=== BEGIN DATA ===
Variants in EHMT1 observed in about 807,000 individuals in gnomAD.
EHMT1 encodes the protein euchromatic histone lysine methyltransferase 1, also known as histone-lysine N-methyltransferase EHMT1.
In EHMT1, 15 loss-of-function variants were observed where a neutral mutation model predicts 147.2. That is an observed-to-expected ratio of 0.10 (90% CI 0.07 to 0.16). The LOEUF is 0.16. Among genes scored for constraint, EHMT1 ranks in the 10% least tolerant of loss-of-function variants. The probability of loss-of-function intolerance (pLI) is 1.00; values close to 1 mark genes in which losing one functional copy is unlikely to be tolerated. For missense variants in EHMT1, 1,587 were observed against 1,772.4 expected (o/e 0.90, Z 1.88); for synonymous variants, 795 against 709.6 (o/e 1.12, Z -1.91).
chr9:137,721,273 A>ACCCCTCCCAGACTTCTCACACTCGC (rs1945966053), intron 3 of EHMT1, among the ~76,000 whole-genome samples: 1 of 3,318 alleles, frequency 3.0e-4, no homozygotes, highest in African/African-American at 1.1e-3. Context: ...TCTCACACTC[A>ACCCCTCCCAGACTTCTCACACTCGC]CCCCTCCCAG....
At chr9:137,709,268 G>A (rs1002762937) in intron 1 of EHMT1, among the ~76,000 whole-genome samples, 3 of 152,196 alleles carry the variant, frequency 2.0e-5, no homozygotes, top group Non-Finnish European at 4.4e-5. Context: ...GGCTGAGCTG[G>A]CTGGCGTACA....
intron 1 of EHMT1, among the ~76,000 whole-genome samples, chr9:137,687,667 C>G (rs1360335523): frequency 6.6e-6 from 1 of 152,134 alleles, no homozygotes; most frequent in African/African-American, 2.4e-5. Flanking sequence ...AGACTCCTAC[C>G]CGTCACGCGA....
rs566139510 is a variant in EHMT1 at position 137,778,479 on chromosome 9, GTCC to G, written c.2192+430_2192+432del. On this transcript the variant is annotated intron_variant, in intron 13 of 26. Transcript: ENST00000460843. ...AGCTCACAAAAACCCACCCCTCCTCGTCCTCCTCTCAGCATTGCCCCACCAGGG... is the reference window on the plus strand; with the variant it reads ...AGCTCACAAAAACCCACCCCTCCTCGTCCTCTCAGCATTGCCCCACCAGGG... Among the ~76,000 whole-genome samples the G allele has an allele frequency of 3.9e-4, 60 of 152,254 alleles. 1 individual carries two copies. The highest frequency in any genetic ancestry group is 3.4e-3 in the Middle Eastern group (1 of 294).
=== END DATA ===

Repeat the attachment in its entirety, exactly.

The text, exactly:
Variants in EHMT1 observed in about 807,000 individuals in gnomAD.
EHMT1 encodes the protein euchromatic histone lysine methyltransferase 1, also known as histone-lysine N-methyltransferase EHMT1.
In EHMT1, 15 loss-of-function variants were observed where a neutral mutation model predicts 147.2. That is an observed-to-expected ratio of 0.10 (90% CI 0.07 to 0.16). The LOEUF is 0.16. Among genes scored for constraint, EHMT1 ranks in the 10% least tolerant of loss-of-function variants. The probability of loss-of-function intolerance (pLI) is 1.00; values close to 1 mark genes in which losing one functional copy is unlikely to be tolerated. For missense variants in EHMT1, 1,587 were observed against 1,772.4 expected (o/e 0.90, Z 1.88); for synonymous variants, 795 against 709.6 (o/e 1.12, Z -1.91).
chr9:137,721,273 A>ACCCCTCCCAGACTTCTCACACTCGC (rs1945966053), intron 3 of EHMT1, among the ~76,000 whole-genome samples: 1 of 3,318 alleles, frequency 3.0e-4, no homozygotes, highest in African/African-American at 1.1e-3. Context: ...TCTCACACTC[A>ACCCCTCCCAGACTTCTCACACTCGC]CCCCTCCCAG....
At chr9:137,709,268 G>A (rs1002762937) in intron 1 of EHMT1, among the ~76,000 whole-genome samples, 3 of 152,196 alleles carry the variant, frequency 2.0e-5, no homozygotes, top group Non-Finnish European at 4.4e-5. Context: ...GGCTGAGCTG[G>A]CTGGCGTACA....
intron 1 of EHMT1, among the ~76,000 whole-genome samples, chr9:137,687,667 C>G (rs1360335523): frequency 6.6e-6 from 1 of 152,134 alleles, no homozygotes; most frequent in African/African-American, 2.4e-5. Flanking sequence ...AGACTCCTAC[C>G]CGTCACGCGA....
rs566139510 is a variant in EHMT1 at position 137,778,479 on chromosome 9, GTCC to G, written c.2192+430_2192+432del. On this transcript the variant is annotated intron_variant, in intron 13 of 26. Transcript: ENST00000460843. ...AGCTCACAAAAACCCACCCCTCCTCGTCCTCCTCTCAGCATTGCCCCACCAGGG... is the reference window on the plus strand; with the variant it reads ...AGCTCACAAAAACCCACCCCTCCTCGTCCTCTCAGCATTGCCCCACCAGGG... Among the ~76,000 whole-genome samples the G allele has an allele frequency of 3.9e-4, 60 of 152,254 alleles. 1 individual carries two copies. The highest frequency in any genetic ancestry group is 3.4e-3 in the Middle Eastern group (1 of 294).